Roasted chestnuts are an ideal snack for the fall and winter season. Chestnuts are a real nut, compared to cashews and almonds, for instance, which are fruits. They are dissimilar from water chestnuts that are a rhizome from an aquatic plant. There are several varieties of chestnuts, with the Asian and European varieties being the most popular ones.
Chestnuts are specific in that they are starchy, nothing like most nuts that are often on the fatty side. Roasted chestnuts are somewhat low in fat. They are a great natural carbohydrate option for people who like to consume a little more starch, but who want to eat what is available in nature and want to stay in the Paleo limits.
Chestnuts are a rarely eaten raw and typically eaten roasted and sometimes boiled. These nuts are also used for the preparation of a chestnut flour, which can be used in place of almond flour in many recipes. Chestnuts and chestnut flour are popular in Italian cuisine. Chestnut bread is common there.
Health Benefits of Roasted Chestnuts
Roasted chestnuts are lower in fat than related nuts such as walnuts and pecans – good news if you have been told by your doctor to watch your fat intake. Roasted chestnuts are packed with some essential nutrients and really pleasing taste. Here are some of the most impressive chestnut health benefits:
- Strong Bones
Chestnuts have 22 % of the recommended daily intake of copper per 3-ounce portion ( 85 grams). Copper is a mineral that improves bone strength, supports the formation of red blood cells and nerve function, and enhances the immune system.
For a snack high in copper, pair some dried prunes with roasted chestnuts.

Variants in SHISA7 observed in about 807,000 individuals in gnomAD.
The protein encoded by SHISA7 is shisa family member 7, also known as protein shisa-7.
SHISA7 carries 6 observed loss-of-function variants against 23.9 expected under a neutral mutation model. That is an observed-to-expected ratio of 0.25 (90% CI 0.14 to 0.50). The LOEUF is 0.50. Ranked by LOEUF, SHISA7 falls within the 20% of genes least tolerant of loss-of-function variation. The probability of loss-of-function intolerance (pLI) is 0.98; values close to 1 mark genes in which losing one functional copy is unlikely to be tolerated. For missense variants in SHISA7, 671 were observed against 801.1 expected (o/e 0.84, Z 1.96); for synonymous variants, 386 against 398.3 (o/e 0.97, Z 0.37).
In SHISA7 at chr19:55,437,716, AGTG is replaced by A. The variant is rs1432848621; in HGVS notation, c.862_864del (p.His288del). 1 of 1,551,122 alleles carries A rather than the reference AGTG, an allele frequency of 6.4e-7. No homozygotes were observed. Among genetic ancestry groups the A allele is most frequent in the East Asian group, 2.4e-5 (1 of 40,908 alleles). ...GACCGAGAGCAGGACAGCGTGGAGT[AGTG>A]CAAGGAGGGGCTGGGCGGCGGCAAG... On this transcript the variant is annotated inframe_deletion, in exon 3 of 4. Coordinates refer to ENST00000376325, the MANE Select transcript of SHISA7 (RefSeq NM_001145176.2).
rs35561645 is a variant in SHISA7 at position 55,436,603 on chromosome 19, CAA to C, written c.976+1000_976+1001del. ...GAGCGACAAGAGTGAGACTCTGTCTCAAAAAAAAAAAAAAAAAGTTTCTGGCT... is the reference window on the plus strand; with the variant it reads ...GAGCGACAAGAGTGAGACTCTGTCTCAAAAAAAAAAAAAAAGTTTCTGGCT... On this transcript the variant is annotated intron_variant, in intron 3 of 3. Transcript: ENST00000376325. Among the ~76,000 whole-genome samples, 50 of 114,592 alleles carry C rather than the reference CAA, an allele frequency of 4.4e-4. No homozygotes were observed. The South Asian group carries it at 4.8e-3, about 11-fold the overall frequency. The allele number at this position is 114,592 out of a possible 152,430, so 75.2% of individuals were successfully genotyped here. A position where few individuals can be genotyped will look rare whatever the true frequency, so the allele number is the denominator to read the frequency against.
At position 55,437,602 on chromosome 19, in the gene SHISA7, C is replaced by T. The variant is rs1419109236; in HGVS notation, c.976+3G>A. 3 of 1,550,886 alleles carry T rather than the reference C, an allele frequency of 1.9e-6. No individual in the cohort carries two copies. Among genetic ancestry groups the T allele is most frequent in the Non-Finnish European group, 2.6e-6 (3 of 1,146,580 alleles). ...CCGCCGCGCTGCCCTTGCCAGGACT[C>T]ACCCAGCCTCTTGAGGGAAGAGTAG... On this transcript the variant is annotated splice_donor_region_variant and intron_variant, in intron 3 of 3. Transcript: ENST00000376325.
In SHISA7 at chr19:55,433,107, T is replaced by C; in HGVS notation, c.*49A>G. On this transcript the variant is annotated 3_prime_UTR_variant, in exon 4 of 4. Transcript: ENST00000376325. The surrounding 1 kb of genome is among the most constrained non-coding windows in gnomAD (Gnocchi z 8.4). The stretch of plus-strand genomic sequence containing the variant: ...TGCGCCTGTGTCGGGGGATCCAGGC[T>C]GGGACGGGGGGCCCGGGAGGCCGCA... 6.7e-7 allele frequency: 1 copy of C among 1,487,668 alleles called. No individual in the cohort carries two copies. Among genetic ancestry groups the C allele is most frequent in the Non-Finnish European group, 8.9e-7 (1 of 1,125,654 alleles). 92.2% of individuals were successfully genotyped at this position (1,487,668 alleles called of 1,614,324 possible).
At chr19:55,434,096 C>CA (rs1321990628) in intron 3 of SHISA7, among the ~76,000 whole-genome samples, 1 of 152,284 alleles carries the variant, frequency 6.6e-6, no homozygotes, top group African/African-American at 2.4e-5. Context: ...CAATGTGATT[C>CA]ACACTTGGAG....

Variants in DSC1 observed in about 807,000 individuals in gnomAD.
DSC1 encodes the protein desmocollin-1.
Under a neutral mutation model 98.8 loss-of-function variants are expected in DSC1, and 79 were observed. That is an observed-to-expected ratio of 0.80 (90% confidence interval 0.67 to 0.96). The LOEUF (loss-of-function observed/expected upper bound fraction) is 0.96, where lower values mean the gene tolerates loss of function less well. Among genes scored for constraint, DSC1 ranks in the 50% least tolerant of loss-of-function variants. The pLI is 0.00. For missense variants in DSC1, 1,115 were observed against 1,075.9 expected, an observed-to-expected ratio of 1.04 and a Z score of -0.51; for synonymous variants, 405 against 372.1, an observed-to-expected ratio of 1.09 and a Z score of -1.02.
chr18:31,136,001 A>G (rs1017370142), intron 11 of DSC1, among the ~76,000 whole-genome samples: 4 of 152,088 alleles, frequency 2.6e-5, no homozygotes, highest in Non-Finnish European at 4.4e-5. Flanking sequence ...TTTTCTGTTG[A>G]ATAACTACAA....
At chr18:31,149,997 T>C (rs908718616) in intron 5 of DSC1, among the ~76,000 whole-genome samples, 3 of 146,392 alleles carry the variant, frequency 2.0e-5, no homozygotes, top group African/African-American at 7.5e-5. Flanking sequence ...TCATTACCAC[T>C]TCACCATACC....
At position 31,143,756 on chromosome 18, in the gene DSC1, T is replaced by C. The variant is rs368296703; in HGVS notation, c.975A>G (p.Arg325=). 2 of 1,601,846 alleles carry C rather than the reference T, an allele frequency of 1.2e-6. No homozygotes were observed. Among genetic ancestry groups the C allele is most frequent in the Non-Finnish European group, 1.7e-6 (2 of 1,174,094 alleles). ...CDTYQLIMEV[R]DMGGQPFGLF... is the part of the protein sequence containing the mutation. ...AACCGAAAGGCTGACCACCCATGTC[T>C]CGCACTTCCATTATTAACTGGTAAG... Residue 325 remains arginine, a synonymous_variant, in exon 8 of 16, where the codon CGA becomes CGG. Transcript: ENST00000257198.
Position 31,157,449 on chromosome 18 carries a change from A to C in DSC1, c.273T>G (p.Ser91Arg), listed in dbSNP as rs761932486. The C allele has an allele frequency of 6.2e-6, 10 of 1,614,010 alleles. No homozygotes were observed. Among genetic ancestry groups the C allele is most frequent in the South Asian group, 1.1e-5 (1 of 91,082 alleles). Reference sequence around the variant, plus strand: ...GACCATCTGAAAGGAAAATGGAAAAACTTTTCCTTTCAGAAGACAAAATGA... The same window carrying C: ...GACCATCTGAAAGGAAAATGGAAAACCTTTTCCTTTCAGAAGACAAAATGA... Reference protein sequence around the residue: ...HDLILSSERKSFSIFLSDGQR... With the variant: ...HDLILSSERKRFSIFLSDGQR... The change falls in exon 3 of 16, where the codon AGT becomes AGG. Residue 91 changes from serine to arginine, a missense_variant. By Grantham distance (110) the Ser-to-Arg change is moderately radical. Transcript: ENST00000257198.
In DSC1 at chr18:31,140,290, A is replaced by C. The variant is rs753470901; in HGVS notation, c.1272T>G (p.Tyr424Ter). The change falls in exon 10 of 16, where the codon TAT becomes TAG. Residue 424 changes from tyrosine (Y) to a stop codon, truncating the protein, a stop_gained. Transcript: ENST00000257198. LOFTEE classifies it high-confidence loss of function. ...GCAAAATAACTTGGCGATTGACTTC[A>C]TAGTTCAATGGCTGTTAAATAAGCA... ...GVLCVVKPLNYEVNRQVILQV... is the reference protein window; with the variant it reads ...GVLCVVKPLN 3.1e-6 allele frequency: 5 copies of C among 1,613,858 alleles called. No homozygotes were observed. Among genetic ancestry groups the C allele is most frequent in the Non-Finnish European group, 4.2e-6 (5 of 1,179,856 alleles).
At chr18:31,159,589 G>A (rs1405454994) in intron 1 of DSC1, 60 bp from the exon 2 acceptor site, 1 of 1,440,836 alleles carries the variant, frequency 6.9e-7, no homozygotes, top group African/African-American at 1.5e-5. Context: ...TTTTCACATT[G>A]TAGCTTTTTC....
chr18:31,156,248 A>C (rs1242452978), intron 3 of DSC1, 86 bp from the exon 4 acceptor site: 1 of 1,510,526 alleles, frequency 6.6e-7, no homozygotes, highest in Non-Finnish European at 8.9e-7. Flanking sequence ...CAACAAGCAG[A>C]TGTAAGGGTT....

- Stable Energy Levels
Typically, nuts are low in carbohydrates – which is the reason they usually are part of many low-carb diet plans. Roasted chestnuts, though, contain a lot of carbs. They have 45 grams of carbohydrates per 3-ounces (85 grams) portion.
Carbs are essential for long- and short-term energy, and they assist the function of the nervous system. The carbohydrates that we get when we eat roasted chestnuts are complex, which are digested slowly and provide great energy.
- Digestive Health
Chestnuts are a good source of dietary fiber, which comes in the form of insoluble and soluble. Insoluble fiber makes bulk in the stool and assists it to pass through the digestive system fast. This helps decrease the risk of intestinal complications (as diverticulosis – a condition where little pockets on the intestinal wall lining get inflamed) and constipation. Soluble is absorbed in water and creates a gel-like consistency in the intestines. This form helps stabilize blood sugar and reduce cholesterol levels.
A 3-ounce (85 grams) serving has 4 grams fiber. Commonly, nuts contain predominantly insoluble fiber.
- Disease Risk Reduction
These nuts contain a good amount of the trace mineral manganese, a potent antioxidant that soaks up free radicals in the system and decreases the risk of heart disease and cancer.
Manganese also plays a significant role in the aging process, according to the University of Maryland Medical Center. A 3-ounce (85 grams) portion of chestnuts has just over 1 microgram of manganese (50 % of the daily recommended amount). This mineral also helps with blood clotting and connective tissue production. For a manganese-packed breakfast, add some chopped chestnuts to a bowl of oatmeal.
- Improved Brain Function
Chestnuts contain a good number of B-vitamins. A 3-once (85 grams) portion contains about 14 % of the daily recommended amount of thiamin, 21 % of Vitamin B6, 9 % of riboflavin, and 15 % of folate. The fat-soluble B vitamins help break down protein, fats, and carbs for energy, produce red blood cells, enhance brain function, and promote healthy skin.
Eat roasted chestnuts as a snack with a lean meat and a leafy green salad for a complete B-vitamin meal.
Numerous people suffer from certain tree nut allergy, therefore, be cautious when adding nuts to your diet. You should consult your doctor or an allergist first. Further, remember that as a source of starchy carbohydrate some individuals will fare better without these nuts, particularly those trying to lose weight; it’s very easy to overeat nuts.
However, people with a faulty metabolism or digestive problems will probably be better off by avoiding chestnuts.
Chestnuts are a great source of copper, manganese, and molybdenum, and a good source of magnesium. Additionally, they are also a good source of B-vitamins, as well as Vitamin C and folic acid.
That’s it for now my friends; see you all the next time.